Telesat knows that our industry needs advances in ground terminals to fully take advantage of the capabilities of Telesat’s LEO constellation. We’re addressing this need in two ways.
First, our LEO constellation will support both electronically steered and mechanically tracked antennas for serving fixed sites, air, maritime, ground vehicles and other platforms, both military and commercial. So our success is not dependent on a big leap in ground terminal performance and capabilities.
Second, Telesat is in discussions with several companies, both well-established suppliers and new entrants that are developing next-generation electronically steered antennas. We are following their developments with the expectation that they will have high-performance, costeffective products on the market in a few years. Telesat is confident that at least one, and more likely several, satellite antenna suppliers will achieve the improvements in cost and performance that the LEO satellite market requires.
How will Telesat LEO manage to use mechanical antennas? A number of industry observers say the success of LEO systems hinges on electronically steered antennas. Won’t mechanical systems drive up prices? Will they be able to track
multiple satellites at once, or just one? How long will a satellite be visible before passing over the horizon?
Telesat is working with industry players to have a wide variety of terminals available for customers to access the Telesat LEO Constellation at the right performance and price targets, including electronically steered antennas (ESAs) and mechanically tracking antennas. Based on current industry developments, we expect our target customer base can be served initially by mechanically tracked antennas. The exact number of satellites in view of each customer will depend on multiple factors including geographic location, time and demand in neighboring areas. On average about three to seven satellites will be in line of sight within effective elevation angles.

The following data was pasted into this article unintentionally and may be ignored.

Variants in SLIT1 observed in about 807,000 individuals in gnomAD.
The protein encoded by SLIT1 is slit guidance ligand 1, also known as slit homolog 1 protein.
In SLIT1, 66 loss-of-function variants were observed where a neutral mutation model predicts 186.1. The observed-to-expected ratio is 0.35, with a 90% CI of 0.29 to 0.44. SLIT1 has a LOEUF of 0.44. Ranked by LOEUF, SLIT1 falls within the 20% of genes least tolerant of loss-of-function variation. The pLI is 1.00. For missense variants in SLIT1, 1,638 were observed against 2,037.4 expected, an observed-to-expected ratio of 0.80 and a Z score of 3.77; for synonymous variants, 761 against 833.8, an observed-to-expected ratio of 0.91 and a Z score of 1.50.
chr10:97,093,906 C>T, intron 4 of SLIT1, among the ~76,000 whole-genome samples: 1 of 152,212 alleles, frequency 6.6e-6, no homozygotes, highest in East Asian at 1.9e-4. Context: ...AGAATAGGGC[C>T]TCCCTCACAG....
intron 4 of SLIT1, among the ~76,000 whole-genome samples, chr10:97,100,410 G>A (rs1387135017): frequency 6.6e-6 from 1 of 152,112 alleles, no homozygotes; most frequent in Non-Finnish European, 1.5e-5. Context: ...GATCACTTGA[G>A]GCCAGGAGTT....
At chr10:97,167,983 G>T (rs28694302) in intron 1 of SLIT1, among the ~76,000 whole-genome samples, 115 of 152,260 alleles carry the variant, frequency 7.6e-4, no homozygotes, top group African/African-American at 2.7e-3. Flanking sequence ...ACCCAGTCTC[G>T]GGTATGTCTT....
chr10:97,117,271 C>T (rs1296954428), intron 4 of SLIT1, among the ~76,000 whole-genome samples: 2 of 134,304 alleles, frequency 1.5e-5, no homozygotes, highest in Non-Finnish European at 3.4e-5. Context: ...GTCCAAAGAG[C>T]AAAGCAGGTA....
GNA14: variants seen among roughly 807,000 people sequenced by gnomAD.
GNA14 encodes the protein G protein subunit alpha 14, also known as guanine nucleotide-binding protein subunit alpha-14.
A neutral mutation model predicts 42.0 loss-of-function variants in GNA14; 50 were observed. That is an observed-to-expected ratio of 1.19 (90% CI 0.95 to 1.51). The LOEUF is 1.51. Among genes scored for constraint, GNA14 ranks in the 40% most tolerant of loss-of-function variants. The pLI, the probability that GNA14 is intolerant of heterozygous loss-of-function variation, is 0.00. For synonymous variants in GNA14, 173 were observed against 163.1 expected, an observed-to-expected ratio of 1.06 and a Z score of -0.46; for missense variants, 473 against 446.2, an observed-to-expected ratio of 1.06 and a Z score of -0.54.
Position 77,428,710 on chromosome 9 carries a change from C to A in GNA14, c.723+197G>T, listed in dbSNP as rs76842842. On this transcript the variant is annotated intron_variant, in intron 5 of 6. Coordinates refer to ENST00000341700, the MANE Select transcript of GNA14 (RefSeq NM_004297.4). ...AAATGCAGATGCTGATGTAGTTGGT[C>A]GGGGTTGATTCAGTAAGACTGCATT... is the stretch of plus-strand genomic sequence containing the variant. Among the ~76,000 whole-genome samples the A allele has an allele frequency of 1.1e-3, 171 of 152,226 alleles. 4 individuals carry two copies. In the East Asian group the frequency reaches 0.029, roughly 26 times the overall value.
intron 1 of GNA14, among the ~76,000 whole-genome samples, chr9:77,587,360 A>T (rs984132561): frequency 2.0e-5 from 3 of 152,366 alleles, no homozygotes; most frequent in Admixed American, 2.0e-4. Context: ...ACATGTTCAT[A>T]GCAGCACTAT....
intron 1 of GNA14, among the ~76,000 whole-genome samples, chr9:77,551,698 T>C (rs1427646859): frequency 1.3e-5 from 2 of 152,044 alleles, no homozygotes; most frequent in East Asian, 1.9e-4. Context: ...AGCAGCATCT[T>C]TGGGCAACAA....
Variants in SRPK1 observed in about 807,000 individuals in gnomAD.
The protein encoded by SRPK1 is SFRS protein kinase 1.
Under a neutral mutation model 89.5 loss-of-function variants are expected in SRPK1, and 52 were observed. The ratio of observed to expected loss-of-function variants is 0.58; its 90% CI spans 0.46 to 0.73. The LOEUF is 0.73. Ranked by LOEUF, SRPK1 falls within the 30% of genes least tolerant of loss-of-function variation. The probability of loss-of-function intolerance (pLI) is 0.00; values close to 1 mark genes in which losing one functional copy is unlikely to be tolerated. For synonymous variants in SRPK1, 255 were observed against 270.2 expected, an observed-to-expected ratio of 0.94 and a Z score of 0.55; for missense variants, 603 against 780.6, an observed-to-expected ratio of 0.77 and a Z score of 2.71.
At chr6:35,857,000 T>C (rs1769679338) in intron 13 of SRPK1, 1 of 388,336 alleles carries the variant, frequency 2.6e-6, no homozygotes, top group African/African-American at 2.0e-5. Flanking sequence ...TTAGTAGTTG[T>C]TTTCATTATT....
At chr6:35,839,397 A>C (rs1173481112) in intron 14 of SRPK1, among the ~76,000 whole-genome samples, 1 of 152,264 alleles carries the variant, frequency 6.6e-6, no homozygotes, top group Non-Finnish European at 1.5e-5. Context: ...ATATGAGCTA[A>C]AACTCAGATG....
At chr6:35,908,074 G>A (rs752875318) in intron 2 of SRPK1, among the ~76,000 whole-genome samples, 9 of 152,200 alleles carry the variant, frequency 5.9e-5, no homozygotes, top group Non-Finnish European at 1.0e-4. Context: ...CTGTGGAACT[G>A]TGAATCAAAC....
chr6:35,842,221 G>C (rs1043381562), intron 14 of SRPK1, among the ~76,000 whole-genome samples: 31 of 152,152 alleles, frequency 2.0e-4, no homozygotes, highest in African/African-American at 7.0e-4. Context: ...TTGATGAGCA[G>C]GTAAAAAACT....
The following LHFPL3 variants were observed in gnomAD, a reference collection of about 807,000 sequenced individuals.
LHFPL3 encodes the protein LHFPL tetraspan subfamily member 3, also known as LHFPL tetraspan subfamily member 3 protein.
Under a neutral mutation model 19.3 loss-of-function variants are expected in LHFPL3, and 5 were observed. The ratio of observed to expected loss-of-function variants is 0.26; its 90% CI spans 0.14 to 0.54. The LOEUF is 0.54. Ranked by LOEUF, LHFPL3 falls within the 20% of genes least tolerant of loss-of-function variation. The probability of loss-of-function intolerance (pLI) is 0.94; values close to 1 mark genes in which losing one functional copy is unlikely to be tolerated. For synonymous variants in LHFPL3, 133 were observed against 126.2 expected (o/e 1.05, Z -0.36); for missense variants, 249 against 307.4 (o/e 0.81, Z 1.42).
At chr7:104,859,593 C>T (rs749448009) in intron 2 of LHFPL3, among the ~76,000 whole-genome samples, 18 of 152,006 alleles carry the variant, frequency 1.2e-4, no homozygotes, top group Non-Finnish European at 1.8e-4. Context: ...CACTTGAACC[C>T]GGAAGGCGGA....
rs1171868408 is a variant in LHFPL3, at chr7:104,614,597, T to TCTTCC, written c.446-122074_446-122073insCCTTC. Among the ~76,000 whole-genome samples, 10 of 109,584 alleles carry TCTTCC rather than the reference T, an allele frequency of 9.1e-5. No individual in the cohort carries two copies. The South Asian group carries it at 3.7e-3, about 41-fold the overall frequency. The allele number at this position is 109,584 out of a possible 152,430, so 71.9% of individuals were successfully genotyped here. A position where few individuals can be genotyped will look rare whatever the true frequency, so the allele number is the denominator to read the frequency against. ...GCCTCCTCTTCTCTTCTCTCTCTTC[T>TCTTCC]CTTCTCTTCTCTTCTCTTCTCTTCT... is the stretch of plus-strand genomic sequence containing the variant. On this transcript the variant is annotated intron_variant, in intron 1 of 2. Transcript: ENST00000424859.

Where does Telesat stand in the satellite procurement process for its LEO system?
Telesat is taking a rigorous requirements-based approach to the project, jointly developing a system architecture and a detailed business plan to be certain we clearly understand our costs, risks, schedule, capacity and revenues. We have both constellation performance models and global demand models that together allow us to evaluate the system’s capability to deliver highquality service, when and where required, across the market segments we will serve. We are working closely with a number of engineering and manufacturing teams who continue to refine the system design. We expect to down-select to two competing teams and, after a technology evaluation and validation phase, we plan to commit to a single team in 2018. We plan to launch Phase 2 satellites beginning in 2020, and commence commercial service in 2021.
How much will this all cost? What are Telesat’s funding plans at this stage?
Given where we are in the procurement process, I cannot provide details on system costs but building and launching hundreds of satellites and associated ground infrastructure is certainly a big undertaking — bigger than procuring a couple of high throughput GEO satellites such as Telstar 18 Vantage and Telstar 19 Vantage that Telesat will launch next year. But while the capital costs are significant, keep in mind that Telesat has considerable financial resources and strong backing from our investors. We are also in discussions with potential partners — both strategic and financial — who are excited by our design, our Ka-band spectrum rights and our track record of successfully bringing major satellite innovations to market. So stay tuned — more details on Telesat LEO will be announced in the months ahead.